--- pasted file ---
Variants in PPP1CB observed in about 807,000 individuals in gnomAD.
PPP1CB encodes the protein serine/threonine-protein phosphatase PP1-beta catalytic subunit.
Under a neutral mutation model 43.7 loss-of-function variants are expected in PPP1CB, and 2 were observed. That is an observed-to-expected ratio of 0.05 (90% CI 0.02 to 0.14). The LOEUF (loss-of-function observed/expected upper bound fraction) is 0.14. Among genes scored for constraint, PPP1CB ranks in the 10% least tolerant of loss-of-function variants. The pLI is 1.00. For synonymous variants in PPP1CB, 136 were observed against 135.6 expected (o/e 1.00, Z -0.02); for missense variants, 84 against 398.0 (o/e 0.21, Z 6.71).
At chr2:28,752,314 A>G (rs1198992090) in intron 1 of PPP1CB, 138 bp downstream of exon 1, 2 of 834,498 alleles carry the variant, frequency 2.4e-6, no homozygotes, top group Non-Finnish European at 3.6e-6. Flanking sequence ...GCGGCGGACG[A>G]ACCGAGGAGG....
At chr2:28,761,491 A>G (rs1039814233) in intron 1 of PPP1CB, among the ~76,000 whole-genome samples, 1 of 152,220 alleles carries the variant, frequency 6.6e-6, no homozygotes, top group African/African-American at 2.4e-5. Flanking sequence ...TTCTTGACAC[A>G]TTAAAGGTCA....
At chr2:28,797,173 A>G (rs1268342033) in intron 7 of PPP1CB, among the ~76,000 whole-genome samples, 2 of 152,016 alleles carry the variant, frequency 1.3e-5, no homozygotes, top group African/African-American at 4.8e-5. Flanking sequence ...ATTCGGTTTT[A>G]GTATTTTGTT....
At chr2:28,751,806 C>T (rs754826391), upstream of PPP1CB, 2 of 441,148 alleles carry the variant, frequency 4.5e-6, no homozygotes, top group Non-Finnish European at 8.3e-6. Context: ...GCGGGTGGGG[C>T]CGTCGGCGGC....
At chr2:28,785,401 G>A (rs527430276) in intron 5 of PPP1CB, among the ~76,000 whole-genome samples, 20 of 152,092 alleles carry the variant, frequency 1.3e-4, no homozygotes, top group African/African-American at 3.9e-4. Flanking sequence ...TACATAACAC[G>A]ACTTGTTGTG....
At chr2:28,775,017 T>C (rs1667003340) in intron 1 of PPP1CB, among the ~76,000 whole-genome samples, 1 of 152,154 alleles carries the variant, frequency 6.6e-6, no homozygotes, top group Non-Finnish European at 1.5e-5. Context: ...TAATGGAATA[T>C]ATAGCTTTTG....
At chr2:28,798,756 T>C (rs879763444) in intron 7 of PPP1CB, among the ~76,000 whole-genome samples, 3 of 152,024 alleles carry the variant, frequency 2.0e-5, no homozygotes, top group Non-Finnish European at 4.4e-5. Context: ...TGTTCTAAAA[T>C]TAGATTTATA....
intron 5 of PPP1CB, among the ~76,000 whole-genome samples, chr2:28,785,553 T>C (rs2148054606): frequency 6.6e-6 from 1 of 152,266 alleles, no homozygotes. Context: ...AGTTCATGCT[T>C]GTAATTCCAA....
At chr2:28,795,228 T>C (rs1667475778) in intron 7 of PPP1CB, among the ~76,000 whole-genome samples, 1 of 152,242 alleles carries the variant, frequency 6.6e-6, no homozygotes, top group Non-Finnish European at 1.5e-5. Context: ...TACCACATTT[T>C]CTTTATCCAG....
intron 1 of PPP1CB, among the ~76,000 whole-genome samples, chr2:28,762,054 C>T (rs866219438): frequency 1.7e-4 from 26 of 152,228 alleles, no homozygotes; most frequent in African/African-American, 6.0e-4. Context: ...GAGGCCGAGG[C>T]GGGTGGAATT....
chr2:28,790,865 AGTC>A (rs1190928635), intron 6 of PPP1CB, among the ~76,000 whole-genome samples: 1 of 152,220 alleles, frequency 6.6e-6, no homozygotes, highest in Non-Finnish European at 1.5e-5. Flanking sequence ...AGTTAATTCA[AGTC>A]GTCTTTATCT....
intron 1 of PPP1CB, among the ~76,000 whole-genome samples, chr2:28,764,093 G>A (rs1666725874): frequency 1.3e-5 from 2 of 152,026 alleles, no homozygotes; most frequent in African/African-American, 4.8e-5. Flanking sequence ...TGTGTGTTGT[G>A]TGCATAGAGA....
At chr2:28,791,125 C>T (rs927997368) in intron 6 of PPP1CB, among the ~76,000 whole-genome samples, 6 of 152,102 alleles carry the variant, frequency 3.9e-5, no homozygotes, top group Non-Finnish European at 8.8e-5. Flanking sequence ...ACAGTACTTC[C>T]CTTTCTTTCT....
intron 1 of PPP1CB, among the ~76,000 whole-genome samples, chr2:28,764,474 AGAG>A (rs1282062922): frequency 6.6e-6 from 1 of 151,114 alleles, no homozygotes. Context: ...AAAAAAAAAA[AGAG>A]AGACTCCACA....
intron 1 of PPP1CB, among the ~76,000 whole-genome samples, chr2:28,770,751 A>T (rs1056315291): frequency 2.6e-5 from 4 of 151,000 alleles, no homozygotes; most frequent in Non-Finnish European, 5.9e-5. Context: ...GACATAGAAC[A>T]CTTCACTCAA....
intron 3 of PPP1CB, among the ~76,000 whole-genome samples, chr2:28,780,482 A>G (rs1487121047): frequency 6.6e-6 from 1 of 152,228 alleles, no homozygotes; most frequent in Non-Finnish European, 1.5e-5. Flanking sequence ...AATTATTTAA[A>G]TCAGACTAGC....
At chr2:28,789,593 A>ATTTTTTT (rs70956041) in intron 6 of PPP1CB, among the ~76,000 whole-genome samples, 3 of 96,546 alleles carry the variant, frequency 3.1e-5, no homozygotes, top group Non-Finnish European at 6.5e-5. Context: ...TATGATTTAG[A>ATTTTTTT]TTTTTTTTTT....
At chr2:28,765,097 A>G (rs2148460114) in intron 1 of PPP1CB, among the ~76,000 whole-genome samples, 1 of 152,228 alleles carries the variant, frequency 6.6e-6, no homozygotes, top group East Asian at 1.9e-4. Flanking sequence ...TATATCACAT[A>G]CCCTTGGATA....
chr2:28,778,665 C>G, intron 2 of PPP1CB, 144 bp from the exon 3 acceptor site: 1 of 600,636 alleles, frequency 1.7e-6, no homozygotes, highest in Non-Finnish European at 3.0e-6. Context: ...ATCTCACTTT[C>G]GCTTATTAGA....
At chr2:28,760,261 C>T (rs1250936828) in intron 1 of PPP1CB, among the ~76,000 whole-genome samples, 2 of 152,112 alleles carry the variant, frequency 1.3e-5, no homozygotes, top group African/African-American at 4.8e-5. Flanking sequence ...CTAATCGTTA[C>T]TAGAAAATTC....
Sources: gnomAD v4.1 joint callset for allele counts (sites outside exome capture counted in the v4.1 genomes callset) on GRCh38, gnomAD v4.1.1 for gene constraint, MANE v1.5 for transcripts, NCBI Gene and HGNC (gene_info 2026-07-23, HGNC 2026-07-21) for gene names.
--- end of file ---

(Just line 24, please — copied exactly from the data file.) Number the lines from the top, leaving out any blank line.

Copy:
Sources: gnomAD v4.1 joint callset for allele counts (sites outside exome capture counted in the v4.1 genomes callset) on GRCh38, gnomAD v4.1.1 for gene constraint, MANE v1.5 for transcripts, NCBI Gene and HGNC (gene_info 2026-07-23, HGNC 2026-07-21) for gene names.